Famous Civil War Soldiers

Since so many people fought in the Civil War, it is inevitable that some of them would later go on to become famous, or possibly infamous, in some way either for their actions during the war or after.

The following are some famous and/or notable people who fought in the Civil War:

Mark Twain:

Long before he became a famous author, Mark Twain served a brief stint as a Confederate soldier in the Civil War. Twain was working as a riverboat pilot in Mississippi when the war broke out.

Soon after, he decided to join the Confederate militia but his stint in the military only lasted two weeks before he quit and went out west.

He later faced criticism for his role in the war and for deserting but he defended himself by explaining his confusion while enrolling and stated he didn’t fully understand the politics behind the war at the time.

Alfred Packer:

Alfred Packer was a former Civil War soldier who later became a prospector and wilderness guide and was accused of cannibalism in 1874. Packer was working as a shoe maker when the Civil War broke out.

He decided to join the army in 1862 and was so proud of his new job that he had his encampment, battalion numbers and infantry numbers tattooed on his arm. His stint in the army was short lived though due to his struggle with epilepsy.

He was discharged later that year and when he enlisted again six months later, he was discharged again for the same reason.

After his second discharge, he drifted from job to job before becoming a prospector and wilderness guide in Colorado in 1873.

Packer was accused of cannibalism and murder after one of his groups disappeared during a trip through the Colorado wilderness and their bodies were later discovered on the trail with signs that they had been eaten.

He escaped from jail and remained on the run for nine years until he was caught, tried and convicted of murder in 1883. He was eventually pardoned and paroled in 1901.

Albert Woolson:

Albert Woolson was a former drummer boy and the last living Civil War veteran when he died in 1956 at the age of 109. Woolson joined the army as a drummer boy in 1864 at age 17. His regiment never saw combat and he was honorably discharged in September of 1865.

Woolson later became a member of the Grand Army of the Republic, which was an organization of Civil War veterans, and served as the group’s senior vice commander in chief in 1953. Since Woolson was the last Civil War veteran, the organization was dissolved after he died.

Chang and Eng Bunker:

Chang and Eng Bunker were conjoined twins who had made a small fortune working as sideshow performers. The twins were living in North Carolina, where they ran a plantation, when the war broke out.

In 1865, the twins were shocked to find out that Eng had been drafted by the Union army, who had recently raided the area and taken it over. The Union army had placed all the names of the local male residents into a lottery wheel and chosen them at random, which is how they selected Eng’s name.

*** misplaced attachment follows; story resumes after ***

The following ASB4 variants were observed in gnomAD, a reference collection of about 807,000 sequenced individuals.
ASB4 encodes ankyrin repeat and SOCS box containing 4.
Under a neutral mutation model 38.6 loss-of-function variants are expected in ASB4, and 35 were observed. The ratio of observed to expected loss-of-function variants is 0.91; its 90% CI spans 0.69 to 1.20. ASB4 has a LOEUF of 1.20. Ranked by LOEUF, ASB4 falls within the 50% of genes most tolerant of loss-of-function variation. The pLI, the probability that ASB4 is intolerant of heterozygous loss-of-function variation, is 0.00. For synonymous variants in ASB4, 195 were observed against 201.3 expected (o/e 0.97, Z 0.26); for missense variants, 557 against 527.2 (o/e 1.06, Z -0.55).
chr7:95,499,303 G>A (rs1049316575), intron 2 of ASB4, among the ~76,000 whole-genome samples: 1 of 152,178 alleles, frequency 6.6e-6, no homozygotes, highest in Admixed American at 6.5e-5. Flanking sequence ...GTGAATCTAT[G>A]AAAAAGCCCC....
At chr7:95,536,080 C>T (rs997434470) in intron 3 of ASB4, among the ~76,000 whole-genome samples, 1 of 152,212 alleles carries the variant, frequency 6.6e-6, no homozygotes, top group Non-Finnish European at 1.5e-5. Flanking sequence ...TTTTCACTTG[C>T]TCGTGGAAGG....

Since Eng was selected but not Chang, and the twins could not be physically separated, there wasn’t much the Union army could do about it so they decided against recruiting Eng.

Even though the twins never officially served in the army, both of their eldest sons joined and fought for the Confederates.

Paul Revere’s Grandsons:

Three of Paul Revere’s grandsons, Paul Joseph Revere, Joseph Warren Revere and Edward Hutchinson Revere, served as soldiers for the Union army in the Civil War. Paul Joseph Revere and Edward Hutchinson Revere served in a Massachusetts regiment while Joseph Warren Revere served in a New Jersey regiment.

Both Paul and Edward were captured at the Battle of Ball’s Bluff and held as POWs in Richmond before being exchanged for Confederate prisoners.

Paul and Edward went on to fight at the Battle of Antietam where Paul was wounded and Edward was killed. Paul then went on to fight in the Battle of Gettysburg where he was killed.

Joseph was the only Revere grandson to survive the war but he was court martialed and allowed to resign instead of being dismissed.

Sources:
Mark Twain’s Civil War; Mark Twain, David Rachels; 2007
Albert Woolson: The Last Living Civil War Veteran: www.veteranstoday.com/2009/02/16/albert-woolson-the-last-living-civil-war-veteran/
City of Littleton: Biographies: Alfred Packer: www.littletongov.org/history/biographies/packer.asp
CNN: Seven Civil War Stories Your Teacher Never Told You: www.cnn.com/2009/LIVING/06/12/mf.civil.war/index.html#cnnSTCText
The Lake Gazette; Mark Twain Failed to Meet Ulysses S. Grant at Florida in July 1861; Nancy Stone: www.lakegazette.net/archives_articles.asp?xissuedate=110629

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